Nearby and throughout Touraine and Poitou-Charente, there are many beautiful, uncrowded and often unknown places to visit: superb gardens, period museums, eleventh century churches, the zoo at Doué la Fontaine, and the historic cities of Tours and Poitiers with their airport links to the UK and elsewhere. There are important though little-known historical sites such as the Abbey of Fontevraud which contains the tombs of Henry II, his wife Eleanor of Aquitaine and their son, Richard the Lionheart. The fortress at Chinon and the royal town of Loches offer outstanding examples of medieval architecture with views from battlements that Joan of Arc would still recognise. And the village of Montrésor is considered to be the most attractive in Touraine.
The area of Poitou-Charente has long been associated with artists and writers. Balzac lived and wrote at Saché where Alexander Calder, the great American artist and inventor of mobile sculptures, also lived and kept his studio. He bequeathed one of his larger mobiles to the medieval village of Saché to be placed in the town square.
In exile, Leonardo da Vinci spent the last three years of his life at le Clos Lucé near Amboise at the invitation of Francis I in whose arms he is reputed to have died with the 'Mona Lisa' (which he had brought with him from Italy) looking on. The Renaissance poet Pierre de Ronsard lived and wrote his famous love-sonnets at Cosme not far from Rabelais at Chinon. Then in the nineteenth century, at the Chateau de l'Islette (still privately owned but open to the public during the summer months), Rodin and his mistress Camille Claudel snatched weekends away from Paris to enjoy the romantic grounds and waterways of L’Islette. The composer Francois Poulenc grew up in Tours where an auditorium is dedicated to him. Then, only an hour’s drive away from Camburn Fine Art at Les Pailles, there are the monumental chateaux and gardens of Azay-le-Rideau, Ussé and Villandry and other great chateaux of the Loire Valley.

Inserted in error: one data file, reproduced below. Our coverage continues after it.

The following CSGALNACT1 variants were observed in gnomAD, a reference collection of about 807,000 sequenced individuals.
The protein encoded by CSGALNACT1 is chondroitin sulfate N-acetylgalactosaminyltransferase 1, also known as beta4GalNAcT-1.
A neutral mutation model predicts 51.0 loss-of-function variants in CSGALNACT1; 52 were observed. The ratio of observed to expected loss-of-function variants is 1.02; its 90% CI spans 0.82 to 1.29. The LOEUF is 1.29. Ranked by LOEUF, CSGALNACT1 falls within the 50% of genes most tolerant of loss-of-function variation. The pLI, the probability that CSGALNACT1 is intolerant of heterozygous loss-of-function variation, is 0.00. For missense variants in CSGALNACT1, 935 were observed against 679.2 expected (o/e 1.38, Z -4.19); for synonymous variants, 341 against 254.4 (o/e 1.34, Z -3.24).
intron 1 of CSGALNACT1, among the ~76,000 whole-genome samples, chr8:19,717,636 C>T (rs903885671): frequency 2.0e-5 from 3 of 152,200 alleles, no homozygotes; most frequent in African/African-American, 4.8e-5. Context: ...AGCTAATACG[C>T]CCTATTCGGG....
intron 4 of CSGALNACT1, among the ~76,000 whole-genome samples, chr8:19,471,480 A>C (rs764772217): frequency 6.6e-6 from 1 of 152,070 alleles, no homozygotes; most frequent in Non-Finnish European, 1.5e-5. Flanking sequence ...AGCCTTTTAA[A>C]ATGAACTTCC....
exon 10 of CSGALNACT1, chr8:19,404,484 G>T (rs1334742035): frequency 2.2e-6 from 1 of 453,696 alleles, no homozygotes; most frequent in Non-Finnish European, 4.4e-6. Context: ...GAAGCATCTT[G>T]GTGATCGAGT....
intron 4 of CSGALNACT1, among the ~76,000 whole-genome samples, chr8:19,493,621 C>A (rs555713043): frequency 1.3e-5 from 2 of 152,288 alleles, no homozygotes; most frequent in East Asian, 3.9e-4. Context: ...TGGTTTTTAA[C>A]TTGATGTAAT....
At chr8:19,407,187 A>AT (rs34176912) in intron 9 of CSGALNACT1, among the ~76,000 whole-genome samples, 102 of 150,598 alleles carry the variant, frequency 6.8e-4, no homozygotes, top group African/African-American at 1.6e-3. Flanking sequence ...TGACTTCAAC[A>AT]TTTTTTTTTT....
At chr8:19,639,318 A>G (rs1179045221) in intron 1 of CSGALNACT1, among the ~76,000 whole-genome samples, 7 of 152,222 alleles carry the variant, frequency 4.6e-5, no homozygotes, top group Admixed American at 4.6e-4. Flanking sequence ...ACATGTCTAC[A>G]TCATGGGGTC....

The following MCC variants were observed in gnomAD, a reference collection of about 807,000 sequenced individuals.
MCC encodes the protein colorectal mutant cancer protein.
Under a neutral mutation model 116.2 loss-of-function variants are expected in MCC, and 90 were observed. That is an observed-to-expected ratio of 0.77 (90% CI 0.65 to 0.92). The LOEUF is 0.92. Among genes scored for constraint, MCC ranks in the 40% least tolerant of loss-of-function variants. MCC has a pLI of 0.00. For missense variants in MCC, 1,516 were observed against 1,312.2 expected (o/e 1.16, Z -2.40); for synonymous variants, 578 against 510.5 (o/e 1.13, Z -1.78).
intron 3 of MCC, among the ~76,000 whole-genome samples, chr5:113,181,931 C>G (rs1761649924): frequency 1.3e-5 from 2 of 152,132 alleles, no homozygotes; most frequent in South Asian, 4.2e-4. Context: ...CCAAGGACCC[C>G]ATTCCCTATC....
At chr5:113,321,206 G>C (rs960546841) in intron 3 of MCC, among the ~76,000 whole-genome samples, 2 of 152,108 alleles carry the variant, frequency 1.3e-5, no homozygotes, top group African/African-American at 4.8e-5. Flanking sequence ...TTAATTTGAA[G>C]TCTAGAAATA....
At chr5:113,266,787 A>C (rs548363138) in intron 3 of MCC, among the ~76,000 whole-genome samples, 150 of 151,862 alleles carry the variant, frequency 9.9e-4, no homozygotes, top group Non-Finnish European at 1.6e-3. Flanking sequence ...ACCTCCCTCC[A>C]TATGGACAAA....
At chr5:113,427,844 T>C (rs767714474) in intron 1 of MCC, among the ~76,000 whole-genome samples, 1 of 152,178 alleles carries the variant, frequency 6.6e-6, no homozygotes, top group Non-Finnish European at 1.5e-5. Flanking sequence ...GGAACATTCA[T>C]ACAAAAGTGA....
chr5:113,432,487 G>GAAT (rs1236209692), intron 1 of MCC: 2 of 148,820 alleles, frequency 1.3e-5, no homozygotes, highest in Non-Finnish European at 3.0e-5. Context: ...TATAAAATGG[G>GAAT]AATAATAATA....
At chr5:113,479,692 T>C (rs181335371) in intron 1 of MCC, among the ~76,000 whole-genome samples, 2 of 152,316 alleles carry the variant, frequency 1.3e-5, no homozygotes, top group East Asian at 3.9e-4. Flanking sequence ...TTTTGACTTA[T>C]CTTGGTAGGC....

Alan Halliday’s studio at Les Pailles was part of the domain of Cardinal Richelieu, the most powerful man in France during the reign of Louis XIII. The Cardinal grew up in the beautiful (though now partly-ruined) Chateau de Coussay a few miles away. Later in his career, the Cardinal built the magnificent chateau and town of Richelieu in his name. Filled with Classical and Renaissance statuary including the two 'Slaves' by Michelangelo and masterpieces by Poussin, the chateau of Richelieu was demolished in the early nineteenth century as the family fortunes declined. But the Great Park of Richelieu remains, including the moat and the island on which the chateau once stood. Also some smaller buildings including a singularly well constructed wine cellar, an ice-house, a pavilion and the original Triumphal Gate.
Also nearby is the moated seventeenth century town of Richelieu which was built to a symmetrical plan by Mercier, one of the architects of the Louvre. This little-known citadel is one of the architectural jewels of France, located just ten minutes from the Alan Halliday studios and the Camburn Fine Art galleries at Les Pailles.
If you are unable to visit the galleries in France please ask for free tickets and invitations to our events and exhibitions in London.
Please contact us for details of our London exhibitions.